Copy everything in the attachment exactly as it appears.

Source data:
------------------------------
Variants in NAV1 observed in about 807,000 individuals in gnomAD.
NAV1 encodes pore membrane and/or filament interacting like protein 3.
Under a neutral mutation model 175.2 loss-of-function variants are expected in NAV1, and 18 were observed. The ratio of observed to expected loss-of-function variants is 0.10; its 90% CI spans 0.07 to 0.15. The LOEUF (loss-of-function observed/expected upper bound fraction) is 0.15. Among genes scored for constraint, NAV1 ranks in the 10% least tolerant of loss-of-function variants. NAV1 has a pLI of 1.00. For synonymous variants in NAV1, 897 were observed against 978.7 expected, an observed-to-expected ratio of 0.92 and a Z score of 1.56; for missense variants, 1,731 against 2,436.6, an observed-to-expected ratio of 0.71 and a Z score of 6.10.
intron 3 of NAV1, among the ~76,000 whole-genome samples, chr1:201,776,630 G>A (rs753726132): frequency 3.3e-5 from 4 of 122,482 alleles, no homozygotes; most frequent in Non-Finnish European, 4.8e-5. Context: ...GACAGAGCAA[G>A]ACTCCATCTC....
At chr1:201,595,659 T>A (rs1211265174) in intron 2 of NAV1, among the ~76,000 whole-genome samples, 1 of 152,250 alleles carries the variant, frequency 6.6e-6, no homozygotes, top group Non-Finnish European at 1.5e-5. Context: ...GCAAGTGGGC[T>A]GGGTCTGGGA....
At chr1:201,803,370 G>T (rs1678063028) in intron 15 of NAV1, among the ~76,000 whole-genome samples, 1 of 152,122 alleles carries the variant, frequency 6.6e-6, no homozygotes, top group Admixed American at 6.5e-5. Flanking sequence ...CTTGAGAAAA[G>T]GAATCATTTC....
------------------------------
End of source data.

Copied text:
Variants in NAV1 observed in about 807,000 individuals in gnomAD.
NAV1 encodes pore membrane and/or filament interacting like protein 3.
Under a neutral mutation model 175.2 loss-of-function variants are expected in NAV1, and 18 were observed. The ratio of observed to expected loss-of-function variants is 0.10; its 90% CI spans 0.07 to 0.15. The LOEUF (loss-of-function observed/expected upper bound fraction) is 0.15. Among genes scored for constraint, NAV1 ranks in the 10% least tolerant of loss-of-function variants. NAV1 has a pLI of 1.00. For synonymous variants in NAV1, 897 were observed against 978.7 expected, an observed-to-expected ratio of 0.92 and a Z score of 1.56; for missense variants, 1,731 against 2,436.6, an observed-to-expected ratio of 0.71 and a Z score of 6.10.
intron 3 of NAV1, among the ~76,000 whole-genome samples, chr1:201,776,630 G>A (rs753726132): frequency 3.3e-5 from 4 of 122,482 alleles, no homozygotes; most frequent in Non-Finnish European, 4.8e-5. Context: ...GACAGAGCAA[G>A]ACTCCATCTC....
At chr1:201,595,659 T>A (rs1211265174) in intron 2 of NAV1, among the ~76,000 whole-genome samples, 1 of 152,250 alleles carries the variant, frequency 6.6e-6, no homozygotes, top group Non-Finnish European at 1.5e-5. Context: ...GCAAGTGGGC[T>A]GGGTCTGGGA....
At chr1:201,803,370 G>T (rs1678063028) in intron 15 of NAV1, among the ~76,000 whole-genome samples, 1 of 152,122 alleles carries the variant, frequency 6.6e-6, no homozygotes, top group Admixed American at 6.5e-5. Flanking sequence ...CTTGAGAAAA[G>T]GAATCATTTC....